The character of Sabriel is ahmazing. She is strong and capable of handling herself, while still taking care of those around her or that may have gotten between her and her enemies. She is never TSTL, which I always appreciate in any character. She is an independent woman and worthy of admiring. I would have liked to see more of the women in her world, for comparison. Its hard to tell if the world in which Sabriel inhabits accepts more 'modern' women and if Sabriel's attitude would be commonplace in the Old Kingdom or Ancelstierre. Somehow I guess not, but that is just my experience with most fantasies set in monarchies such as the Old Kingdom. However, my favorite character, without a doubt, was Mogget. An evil spirit wrapped up in a snarky cat. Can I spell amazing and wonderful any more ways? I loved how Garth Nix portayed him as mysterious and shady. The wool was pulled over my eyes completely. I was so willing to believe Mogget was not malacious. Even when he attacks Sabriel, I was shaking my head, saying to myself, "There must be some better explanation of this attack." Yeah, I am an idiot. Even then, it's wonderful how Sabriel must lean on Mogget after he has tried to get rid of her forever.

The only character who I felt was a little lacking, was Touchstone. He didn't seem real enough for me, and therefore the romance wasn't my favorite. It's easy to call, seeing as how there is basically only one boy and one girl throughout the entire novel. And the first time Sabriel sees him, Touchstone is naked. That always signifies smexy time and helps things along.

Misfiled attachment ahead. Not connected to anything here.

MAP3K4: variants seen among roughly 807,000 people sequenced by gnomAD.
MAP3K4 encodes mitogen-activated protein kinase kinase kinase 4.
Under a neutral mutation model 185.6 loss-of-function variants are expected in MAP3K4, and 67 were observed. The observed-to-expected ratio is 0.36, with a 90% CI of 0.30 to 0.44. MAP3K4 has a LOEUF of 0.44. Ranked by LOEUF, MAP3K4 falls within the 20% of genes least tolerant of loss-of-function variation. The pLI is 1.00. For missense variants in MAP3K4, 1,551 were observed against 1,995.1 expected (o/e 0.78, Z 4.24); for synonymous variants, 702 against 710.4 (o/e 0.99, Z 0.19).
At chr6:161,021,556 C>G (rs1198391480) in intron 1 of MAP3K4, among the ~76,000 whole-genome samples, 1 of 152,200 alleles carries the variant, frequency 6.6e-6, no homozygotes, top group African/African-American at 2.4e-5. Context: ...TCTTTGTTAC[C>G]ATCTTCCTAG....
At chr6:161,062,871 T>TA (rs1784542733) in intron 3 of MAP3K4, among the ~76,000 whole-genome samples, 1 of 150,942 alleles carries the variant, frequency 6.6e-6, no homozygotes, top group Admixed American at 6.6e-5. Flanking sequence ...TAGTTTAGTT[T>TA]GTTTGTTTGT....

Rating: 9 out of 10. Sabriel is a fantastic novel, and I can't sing its praises enough. I wish everyone would pick it up, especially lovers of stong heroines and fantasy. I'll probably being ordering my copy of Lirael soon and adding the Abhorsen books to my library.

Source for copy: Borrowed.


  1. Oh yeah this is a good series. What surprised me is that I loved LIRAEL, the second book, perhaps even more than SABRIEL. Reason? It has the coolest library in it EVER. I love that library.

    Very pretty blog by the way. :)

  2. Will you be reading the rest of the series? I have the trilogy but have yet to crack it open. :-(

  3. @ Janicu: Oh my, you are getting me so excited for Lirael! I love a good library. Thank you.

    @ April: Definately reading the rest of the series. I have Lirael ordered already.